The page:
E&E News led the pack in reporting the news last Friday that the US has submitted a formal communication to the United Nations signalling its intent to withdraw from the Paris Agreement on climate change. The move follows Donald Trump’s speech in June when he set out his views for doing so. E&E News says “sources cited State Department communication from Kim Carnahan of the department’s Office of Global Change that indicated the United States intends to remain engaged in the Paris process until it can officially exit in November 2020. But the memo to the United Nations Framework Convention on Climate Change will also state that the US could reverse course if ‘suitable terms for reengagement’ are met”. E&E News adds: “It’s not clear what those would be. But sources familiar with a set of talking points that will accompany the memo say it points to steps the U.S. can take unilaterally, rather than a full-blown renegotiation of the Paris Agreement, as previously called for by President Trump. While the communication from Carnahan doesn’t explicitly say so, the source said talking points being circulated indicate that unilateral action would include altering the U.S. nationally determined contribution to Paris. That pledge offered to cut emissions between 26% and 28% compared with 2005 levels by 2025…The memo also hints that the United States will remain actively engaged in negotiations over the next two years as parties write the ‘rulebook’ that will govern Paris implementation.” The story is reported by others outlets including Reuters and Associated Press. The Financial Times says that he statement is “at one level momentous…In terms of the consequences for the global energy industry, however, its impact has so far been negligible. Of course, the full implications have yet to play out.”
Royal Dutch Shell is to launch as an electricity supplier in Britain, challenging some of Europe’s biggest utilities, reports the Times. The oil major has applied for a licence to supply power to businesses across Britain and plans to start signing up industrial customers now to provide them with electricity early next year. “The move forms part of a strategic push into the electricity sector by the Anglo-Dutch company as it adapts to rising global demand for clean energy,” adds the paper. “The entrance of the world’s second-largest oil and gas company into the UK’s industrial and commercial power supply market presents a huge challenge to established utilities.”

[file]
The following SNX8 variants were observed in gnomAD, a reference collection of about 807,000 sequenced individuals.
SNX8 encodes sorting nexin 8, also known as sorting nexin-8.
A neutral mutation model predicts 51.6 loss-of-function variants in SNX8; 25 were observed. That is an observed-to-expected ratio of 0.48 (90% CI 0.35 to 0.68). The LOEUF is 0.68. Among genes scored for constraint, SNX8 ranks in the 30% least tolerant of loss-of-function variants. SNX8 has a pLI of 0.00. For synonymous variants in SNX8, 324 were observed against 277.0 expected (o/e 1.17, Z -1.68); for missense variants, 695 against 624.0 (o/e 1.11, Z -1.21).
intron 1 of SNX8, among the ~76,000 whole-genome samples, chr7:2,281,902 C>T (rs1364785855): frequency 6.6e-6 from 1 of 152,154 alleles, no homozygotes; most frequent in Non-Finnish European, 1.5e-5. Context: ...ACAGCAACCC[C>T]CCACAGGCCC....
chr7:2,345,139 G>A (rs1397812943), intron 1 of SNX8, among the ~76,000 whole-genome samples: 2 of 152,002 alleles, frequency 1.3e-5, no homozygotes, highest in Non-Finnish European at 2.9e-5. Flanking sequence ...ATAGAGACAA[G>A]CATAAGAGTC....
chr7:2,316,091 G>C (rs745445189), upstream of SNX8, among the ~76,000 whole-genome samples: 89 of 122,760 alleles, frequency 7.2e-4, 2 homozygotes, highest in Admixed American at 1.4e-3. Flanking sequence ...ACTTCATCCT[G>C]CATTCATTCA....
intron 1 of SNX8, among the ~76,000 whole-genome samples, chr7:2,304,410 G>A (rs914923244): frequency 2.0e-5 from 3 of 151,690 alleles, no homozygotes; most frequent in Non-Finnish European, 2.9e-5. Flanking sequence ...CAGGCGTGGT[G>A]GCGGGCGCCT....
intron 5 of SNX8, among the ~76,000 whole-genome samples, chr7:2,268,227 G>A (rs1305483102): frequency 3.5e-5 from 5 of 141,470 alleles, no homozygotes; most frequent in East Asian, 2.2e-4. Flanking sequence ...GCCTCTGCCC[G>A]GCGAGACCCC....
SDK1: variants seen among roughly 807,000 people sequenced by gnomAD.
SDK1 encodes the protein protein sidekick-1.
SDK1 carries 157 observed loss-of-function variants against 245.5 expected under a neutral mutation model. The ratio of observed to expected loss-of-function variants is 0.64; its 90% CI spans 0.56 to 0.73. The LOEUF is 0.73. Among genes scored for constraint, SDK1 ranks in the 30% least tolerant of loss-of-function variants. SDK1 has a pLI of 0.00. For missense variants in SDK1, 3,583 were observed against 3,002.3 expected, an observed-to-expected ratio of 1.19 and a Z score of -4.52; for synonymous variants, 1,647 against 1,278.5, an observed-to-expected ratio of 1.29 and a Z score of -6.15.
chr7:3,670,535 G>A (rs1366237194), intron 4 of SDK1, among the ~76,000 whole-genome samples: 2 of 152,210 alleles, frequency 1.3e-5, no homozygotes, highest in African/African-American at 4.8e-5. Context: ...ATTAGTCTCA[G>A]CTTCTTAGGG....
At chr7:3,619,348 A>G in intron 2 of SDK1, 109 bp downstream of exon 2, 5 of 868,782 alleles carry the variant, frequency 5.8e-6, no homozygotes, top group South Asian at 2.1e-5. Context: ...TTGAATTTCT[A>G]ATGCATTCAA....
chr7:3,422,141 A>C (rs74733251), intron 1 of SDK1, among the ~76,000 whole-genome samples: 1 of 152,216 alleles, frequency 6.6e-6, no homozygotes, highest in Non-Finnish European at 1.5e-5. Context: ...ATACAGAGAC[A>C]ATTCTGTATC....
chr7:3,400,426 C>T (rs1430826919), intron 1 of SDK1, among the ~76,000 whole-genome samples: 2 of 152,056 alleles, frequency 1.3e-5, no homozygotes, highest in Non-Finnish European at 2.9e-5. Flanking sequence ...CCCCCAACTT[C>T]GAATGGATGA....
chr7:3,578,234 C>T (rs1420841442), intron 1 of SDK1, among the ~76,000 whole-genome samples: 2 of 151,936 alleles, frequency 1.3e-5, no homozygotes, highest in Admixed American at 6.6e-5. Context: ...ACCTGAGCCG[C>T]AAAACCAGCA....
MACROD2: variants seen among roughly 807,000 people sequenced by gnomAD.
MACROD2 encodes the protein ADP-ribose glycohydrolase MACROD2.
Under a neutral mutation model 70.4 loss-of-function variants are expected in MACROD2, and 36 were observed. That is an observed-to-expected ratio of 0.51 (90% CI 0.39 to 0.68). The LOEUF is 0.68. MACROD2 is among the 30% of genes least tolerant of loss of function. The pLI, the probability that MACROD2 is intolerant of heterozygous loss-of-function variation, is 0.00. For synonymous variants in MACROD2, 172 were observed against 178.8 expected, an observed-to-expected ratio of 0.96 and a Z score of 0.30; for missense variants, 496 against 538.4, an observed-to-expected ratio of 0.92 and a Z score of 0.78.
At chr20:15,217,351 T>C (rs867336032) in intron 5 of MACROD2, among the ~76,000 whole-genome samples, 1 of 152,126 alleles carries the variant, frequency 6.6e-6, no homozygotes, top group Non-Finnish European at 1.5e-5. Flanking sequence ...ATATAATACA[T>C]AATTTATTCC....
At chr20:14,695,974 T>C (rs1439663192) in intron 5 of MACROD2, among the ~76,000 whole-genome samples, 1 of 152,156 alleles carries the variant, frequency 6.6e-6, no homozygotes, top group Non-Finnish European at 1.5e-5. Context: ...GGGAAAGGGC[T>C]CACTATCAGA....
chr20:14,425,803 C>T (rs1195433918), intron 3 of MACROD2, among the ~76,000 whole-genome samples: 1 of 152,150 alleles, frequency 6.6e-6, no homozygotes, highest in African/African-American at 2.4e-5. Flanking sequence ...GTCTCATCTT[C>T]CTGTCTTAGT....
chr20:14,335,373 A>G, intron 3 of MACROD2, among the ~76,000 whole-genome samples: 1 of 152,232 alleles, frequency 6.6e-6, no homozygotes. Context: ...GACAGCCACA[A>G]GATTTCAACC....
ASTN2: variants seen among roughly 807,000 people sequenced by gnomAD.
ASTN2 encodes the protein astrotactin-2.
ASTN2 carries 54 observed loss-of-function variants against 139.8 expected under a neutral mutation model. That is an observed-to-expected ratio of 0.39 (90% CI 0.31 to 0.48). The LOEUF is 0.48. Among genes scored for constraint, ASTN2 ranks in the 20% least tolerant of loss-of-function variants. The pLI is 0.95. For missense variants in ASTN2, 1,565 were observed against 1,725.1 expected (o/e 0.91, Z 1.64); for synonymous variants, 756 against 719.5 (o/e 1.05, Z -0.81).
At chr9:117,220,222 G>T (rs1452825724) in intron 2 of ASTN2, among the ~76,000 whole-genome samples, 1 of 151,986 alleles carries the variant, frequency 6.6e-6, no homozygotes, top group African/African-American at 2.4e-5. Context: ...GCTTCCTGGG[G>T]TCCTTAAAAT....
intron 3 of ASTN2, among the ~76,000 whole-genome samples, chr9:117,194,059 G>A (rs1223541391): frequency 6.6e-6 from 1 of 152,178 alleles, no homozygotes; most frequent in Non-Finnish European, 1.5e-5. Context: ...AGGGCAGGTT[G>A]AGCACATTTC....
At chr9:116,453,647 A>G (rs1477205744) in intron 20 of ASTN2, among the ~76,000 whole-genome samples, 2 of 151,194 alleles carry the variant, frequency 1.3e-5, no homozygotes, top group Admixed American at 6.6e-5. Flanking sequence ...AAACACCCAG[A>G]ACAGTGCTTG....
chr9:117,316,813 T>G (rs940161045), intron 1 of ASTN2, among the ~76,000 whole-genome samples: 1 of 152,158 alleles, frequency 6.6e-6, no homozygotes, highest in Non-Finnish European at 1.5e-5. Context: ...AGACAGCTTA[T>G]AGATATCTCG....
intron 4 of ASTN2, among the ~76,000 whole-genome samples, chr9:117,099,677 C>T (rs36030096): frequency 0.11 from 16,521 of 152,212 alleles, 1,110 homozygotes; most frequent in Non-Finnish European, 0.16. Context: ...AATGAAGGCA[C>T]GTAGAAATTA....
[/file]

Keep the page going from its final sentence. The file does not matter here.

The Guardian reports that Liverpool and Manchester are to be the testbed for an “ambitious £600m project aiming to solve the thorny problem of how the government cuts the carbon footprint of the gas that heats most of Britain’s homes”. Cadent, which runs the connections to half of the UK homes on gas, hopes to undertake a trial in the 2020s using hydrogen as a cleaner alternative to methane in pipelines across the region. Formerly known as National Grid Gas Distribution Limited, the company will focus on industrial users in sectors such as chemicals and oil refining, because using 100% hydrogen requires new boilers to be installed.
The deputy leader of the Green Party uses the publication of a new study in the Lancet examining how many people are likely to die from weather-related deaths up to 2100 as a springboard for her opinion article: “Our planet is being destroyed. But it is not only the forests and the oceans, the wildlife and the Arctic sea ice that is being wiped out – soon it will be the people, too…It is the poor who will suffer first – particularly those who live in the most hostile climates and lack the resources to protect themselves. In fact, they are already suffering.”
Many future scenarios that keep global temperature rise to no more than 2C above pre-industrial levels include optimistic assumptions on negative emissions technologies, yet underplay the urgency of 2C mitigation, a new study says. Researchers assessed the short-term CO2 reductions needed by the world’s largest emitters if the 2C limit were to be met under a “what if” assumption that negative emissions technologies do not work at scale. The findings challenge “the feasibility of maintaining a 50% chance of avoiding 2C without urgent mitigation efforts in the short-term,” the authors say.
A special issue in the journal Climate Dynamics compiles the main coordinated research under the ongoing Ocean Reanalyses Intercomparison Project (ORAIP). Ocean reanalyses use observed data from the atmosphere and ocean in climate models in order to recreate reliable past data for further analysis. The studies in this special issue “attempt to measure the maturity of the climate information provided by the current generation ocean reanalyses,” the authors of this introduction say, in terms of signal-to-noise ratios of variables such as ocean heat content, sea level, ocean salinity, sea-ice variables, the Atlantic meridional overturning circulation, and others.